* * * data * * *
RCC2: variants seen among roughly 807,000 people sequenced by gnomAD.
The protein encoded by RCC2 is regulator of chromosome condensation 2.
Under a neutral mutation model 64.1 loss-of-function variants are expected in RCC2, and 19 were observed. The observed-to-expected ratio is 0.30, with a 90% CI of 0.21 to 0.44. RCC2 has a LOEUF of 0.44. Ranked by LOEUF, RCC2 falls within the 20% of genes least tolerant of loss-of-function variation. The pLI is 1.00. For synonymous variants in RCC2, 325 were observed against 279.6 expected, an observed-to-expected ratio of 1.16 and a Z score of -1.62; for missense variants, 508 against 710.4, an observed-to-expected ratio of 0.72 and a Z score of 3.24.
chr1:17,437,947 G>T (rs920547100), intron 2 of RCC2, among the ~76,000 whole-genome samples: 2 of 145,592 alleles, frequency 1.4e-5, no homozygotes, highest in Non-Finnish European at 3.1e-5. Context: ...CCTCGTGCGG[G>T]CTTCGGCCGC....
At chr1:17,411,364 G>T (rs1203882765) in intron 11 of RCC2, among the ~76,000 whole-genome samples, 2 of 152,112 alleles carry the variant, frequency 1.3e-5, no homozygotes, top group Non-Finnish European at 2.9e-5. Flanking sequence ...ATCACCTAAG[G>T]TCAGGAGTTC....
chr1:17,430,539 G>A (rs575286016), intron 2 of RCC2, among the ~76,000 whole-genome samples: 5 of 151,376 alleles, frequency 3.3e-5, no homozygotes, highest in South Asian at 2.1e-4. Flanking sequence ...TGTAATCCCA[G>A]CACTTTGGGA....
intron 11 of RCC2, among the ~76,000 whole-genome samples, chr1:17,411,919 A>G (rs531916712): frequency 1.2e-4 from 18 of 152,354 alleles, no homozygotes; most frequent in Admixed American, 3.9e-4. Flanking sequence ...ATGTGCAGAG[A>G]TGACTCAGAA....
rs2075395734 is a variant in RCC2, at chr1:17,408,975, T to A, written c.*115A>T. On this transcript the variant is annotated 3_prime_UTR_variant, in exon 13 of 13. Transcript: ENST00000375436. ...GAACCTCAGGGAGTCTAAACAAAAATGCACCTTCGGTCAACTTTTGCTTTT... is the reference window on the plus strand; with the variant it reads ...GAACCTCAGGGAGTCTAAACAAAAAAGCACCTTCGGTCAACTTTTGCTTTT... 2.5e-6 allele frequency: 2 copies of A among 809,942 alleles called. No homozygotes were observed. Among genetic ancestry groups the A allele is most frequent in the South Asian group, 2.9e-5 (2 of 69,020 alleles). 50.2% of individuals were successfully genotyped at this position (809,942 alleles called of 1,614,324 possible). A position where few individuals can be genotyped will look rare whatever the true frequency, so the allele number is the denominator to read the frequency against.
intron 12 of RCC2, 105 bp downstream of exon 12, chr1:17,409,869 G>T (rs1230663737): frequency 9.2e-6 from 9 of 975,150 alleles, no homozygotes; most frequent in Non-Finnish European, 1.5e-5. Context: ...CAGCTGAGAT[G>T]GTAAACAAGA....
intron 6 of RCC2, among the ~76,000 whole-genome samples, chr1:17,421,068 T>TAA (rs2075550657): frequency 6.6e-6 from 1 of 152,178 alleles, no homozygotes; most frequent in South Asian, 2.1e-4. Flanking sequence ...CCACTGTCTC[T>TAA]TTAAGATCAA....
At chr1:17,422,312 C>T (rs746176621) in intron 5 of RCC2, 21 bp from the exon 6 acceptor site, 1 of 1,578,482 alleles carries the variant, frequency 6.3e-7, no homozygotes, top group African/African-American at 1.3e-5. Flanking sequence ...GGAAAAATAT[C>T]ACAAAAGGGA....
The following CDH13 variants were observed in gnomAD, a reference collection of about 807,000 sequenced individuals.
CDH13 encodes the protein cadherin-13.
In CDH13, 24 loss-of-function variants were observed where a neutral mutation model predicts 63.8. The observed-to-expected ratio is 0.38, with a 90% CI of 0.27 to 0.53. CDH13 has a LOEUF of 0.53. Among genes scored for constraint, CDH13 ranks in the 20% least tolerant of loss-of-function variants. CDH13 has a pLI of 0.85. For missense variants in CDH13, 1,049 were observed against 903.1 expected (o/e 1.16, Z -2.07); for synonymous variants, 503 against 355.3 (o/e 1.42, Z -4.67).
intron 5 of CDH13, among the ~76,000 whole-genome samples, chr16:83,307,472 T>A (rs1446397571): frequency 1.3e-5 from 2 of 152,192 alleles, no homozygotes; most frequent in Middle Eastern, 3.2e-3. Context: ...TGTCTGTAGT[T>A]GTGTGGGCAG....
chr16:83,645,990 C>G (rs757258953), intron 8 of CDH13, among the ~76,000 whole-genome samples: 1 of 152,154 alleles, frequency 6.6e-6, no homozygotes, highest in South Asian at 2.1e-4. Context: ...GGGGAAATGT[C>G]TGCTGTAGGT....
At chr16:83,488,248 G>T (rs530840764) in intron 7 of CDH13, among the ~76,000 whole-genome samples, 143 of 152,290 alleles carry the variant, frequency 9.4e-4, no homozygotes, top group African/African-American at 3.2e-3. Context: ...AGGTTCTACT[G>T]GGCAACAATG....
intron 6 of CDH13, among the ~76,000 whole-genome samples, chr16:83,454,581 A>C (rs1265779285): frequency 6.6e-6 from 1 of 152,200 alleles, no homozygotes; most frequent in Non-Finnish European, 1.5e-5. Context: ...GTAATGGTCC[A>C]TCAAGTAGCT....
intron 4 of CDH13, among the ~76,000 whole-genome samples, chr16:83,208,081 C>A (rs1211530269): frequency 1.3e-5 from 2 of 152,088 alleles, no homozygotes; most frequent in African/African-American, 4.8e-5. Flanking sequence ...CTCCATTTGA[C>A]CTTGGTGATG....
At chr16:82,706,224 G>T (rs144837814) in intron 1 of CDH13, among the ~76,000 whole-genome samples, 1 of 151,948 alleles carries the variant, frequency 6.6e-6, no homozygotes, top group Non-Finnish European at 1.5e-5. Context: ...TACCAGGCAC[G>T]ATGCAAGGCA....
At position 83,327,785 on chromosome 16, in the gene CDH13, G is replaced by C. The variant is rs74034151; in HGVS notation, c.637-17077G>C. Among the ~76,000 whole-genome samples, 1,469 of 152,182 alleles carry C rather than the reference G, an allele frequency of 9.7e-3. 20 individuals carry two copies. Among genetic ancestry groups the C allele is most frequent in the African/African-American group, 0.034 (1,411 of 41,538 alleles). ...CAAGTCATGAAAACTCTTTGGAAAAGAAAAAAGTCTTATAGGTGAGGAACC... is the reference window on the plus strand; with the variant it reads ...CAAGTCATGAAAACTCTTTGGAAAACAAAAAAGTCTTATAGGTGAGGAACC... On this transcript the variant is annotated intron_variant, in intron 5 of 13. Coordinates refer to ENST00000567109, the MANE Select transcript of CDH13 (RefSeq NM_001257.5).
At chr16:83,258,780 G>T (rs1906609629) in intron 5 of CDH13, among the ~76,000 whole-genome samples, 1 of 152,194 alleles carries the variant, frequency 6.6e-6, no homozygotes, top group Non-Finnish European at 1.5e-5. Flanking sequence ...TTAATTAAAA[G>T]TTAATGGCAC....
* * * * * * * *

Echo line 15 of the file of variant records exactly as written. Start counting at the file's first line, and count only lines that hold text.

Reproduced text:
intron 5 of CDH13, among the ~76,000 whole-genome samples, chr16:83,307,472 T>A (rs1446397571): frequency 1.3e-5 from 2 of 152,192 alleles, no homozygotes; most frequent in Middle Eastern, 3.2e-3. Context: ...TGTCTGTAGT[T>A]GTGTGGGCAG....